“Now that inflation has passed its peak and many central banks have begun to slow the pace of policy tightening, markets are back to scouring their communications for evidence of what’s to come,” said Jennifer McKeown, chief global economist at Capital Economics. “But despite the strong push for transparency over the past two decades, central banks are struggling to convey the right message with conflicting data adding to confusion about the inflation outlook in a post-pandemic world.” On Wednesday, New York Fed President John Williams said moving to a federal funds rate of between 5.00% and 5.25% “seems a very reasonable view of what we’ll need to do this year in order to get the supply and demand imbalances down.” Governor Christopher Waller said the battle to reach the Fed’s 2% inflation target “might be a long fight”. But Governor Lisa Cook said the big job gains in January with moderating wage growth increased hopes of a “soft landing”.
U.S. Treasury Secretary Janet Yellen said that while inflation remained elevated, there were encouraging signs that supply-demand mismatches were easing in many sectors of the economy. The bond market rallied a little after being caught wrongfooted by the January blockbuster U.S. jobs report, forcing many to reposition for a higher peak in the Fed funds rate. The two-year Treasury yield, which rises with traders’ expectations of higher Fed fund rates, eased 2 basis points to 4.4375% on Thursday, while the yield on benchmark 10-year Treasury notes slid 5 basis points to 3.6012%. Futures are pricing in the Fed’s target rate to peak at 5.132% in July, about 25 basis points higher than last week, and that by December it will have declined to 4.813%, a jump of about 40 basis points since a week ago. In the currency markets, movements were rather muted. The dollar index held close to a 1-month high at 103.45 against major peers, after last week’s stunning jobs and services data. In the oil market, Brent crude futures eased 0.2% to $84.90 while U.S. West Texas Intermediate (WTI) crude also settled 0.1% lower at $78.36. Gold was slightly lower. Spot gold traded at $1,872.48 per ounce.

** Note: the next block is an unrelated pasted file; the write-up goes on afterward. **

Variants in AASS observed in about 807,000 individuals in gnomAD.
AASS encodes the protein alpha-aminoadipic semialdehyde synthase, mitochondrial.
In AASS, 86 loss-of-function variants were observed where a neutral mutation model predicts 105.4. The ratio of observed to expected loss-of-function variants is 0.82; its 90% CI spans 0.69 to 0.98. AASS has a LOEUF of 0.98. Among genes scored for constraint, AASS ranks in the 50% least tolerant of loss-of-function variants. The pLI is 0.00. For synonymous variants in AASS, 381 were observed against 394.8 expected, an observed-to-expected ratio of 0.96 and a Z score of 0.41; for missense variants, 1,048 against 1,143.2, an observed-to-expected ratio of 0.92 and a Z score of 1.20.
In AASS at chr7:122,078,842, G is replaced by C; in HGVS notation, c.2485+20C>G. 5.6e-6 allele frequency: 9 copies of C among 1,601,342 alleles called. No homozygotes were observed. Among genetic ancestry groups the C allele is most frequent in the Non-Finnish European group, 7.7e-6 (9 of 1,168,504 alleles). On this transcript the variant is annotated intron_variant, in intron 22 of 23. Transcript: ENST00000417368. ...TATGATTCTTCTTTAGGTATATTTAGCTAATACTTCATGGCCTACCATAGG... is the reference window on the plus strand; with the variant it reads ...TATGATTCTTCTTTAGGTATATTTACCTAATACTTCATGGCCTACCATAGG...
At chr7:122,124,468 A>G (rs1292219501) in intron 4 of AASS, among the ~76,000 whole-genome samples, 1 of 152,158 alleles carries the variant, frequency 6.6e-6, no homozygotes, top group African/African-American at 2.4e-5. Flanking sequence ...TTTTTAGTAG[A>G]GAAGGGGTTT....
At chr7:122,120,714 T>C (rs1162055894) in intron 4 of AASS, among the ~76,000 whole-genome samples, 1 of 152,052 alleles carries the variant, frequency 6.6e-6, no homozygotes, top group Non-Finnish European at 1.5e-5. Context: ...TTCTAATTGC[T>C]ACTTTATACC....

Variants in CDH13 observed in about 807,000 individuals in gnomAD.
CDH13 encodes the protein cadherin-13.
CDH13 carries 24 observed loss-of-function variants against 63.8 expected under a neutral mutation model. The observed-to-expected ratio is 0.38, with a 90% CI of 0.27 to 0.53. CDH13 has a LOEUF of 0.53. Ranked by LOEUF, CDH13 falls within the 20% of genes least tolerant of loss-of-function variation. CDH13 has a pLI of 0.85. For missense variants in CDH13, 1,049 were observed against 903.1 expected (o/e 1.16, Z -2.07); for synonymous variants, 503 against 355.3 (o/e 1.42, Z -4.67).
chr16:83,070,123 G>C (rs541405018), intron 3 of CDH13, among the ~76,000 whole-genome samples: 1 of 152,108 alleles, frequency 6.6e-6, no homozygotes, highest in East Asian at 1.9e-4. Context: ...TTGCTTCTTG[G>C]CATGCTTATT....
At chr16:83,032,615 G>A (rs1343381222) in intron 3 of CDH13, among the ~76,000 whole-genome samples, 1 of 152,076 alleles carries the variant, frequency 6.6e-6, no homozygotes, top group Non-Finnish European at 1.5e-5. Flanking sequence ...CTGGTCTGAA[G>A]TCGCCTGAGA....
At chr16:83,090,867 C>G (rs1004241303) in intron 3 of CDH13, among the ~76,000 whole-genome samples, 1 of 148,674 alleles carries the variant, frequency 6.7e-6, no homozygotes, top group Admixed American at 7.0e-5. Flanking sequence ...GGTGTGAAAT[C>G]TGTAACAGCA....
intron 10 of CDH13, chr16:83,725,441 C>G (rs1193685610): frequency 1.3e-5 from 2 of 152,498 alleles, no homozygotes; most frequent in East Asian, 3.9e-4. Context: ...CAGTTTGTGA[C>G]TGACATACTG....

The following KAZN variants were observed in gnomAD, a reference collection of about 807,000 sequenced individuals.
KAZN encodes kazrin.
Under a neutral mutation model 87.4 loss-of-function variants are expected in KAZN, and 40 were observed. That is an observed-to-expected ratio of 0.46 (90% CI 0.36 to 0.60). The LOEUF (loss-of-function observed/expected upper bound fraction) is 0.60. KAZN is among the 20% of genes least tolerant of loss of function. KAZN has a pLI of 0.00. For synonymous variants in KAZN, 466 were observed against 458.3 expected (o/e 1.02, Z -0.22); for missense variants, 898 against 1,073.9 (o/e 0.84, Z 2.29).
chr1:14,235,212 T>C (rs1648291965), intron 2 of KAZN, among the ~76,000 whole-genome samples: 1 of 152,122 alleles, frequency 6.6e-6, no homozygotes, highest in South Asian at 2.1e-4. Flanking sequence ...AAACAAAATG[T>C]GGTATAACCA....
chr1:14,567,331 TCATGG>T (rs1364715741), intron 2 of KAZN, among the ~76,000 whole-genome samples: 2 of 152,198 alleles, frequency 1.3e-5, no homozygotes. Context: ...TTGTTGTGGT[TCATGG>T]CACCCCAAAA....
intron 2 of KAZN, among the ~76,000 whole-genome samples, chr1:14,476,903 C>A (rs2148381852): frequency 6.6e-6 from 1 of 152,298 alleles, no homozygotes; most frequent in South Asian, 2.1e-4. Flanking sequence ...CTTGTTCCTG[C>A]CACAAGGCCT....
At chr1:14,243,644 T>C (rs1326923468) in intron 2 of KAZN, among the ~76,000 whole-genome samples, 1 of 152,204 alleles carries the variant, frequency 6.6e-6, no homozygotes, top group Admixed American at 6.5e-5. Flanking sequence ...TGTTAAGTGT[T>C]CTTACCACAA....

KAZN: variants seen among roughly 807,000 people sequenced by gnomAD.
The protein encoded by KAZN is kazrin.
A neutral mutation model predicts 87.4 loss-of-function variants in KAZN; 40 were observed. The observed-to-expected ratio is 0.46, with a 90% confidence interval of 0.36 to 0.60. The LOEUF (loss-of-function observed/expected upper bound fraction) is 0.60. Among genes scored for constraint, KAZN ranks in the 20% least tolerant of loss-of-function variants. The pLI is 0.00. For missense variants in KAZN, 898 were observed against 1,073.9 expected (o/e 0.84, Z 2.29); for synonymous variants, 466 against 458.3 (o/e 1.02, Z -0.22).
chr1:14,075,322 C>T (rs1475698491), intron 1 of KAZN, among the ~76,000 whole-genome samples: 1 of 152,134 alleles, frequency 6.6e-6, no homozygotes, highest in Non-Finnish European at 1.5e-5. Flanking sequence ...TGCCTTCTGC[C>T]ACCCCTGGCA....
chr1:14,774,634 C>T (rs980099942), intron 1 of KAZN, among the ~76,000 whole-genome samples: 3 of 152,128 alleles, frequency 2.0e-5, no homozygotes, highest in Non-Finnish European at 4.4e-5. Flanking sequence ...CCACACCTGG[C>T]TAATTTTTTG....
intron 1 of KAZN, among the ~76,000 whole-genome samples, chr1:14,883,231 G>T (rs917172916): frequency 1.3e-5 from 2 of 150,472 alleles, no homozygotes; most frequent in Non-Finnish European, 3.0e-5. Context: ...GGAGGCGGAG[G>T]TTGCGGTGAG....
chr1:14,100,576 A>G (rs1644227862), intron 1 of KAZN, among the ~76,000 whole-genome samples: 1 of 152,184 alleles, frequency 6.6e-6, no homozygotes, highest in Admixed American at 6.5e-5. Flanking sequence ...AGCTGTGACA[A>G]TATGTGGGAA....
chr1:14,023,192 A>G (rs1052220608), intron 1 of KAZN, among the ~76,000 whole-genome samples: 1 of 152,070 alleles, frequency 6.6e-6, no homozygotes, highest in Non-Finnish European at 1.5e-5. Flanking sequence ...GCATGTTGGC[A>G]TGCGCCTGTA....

Published by the Mercury Team on 9 February 2023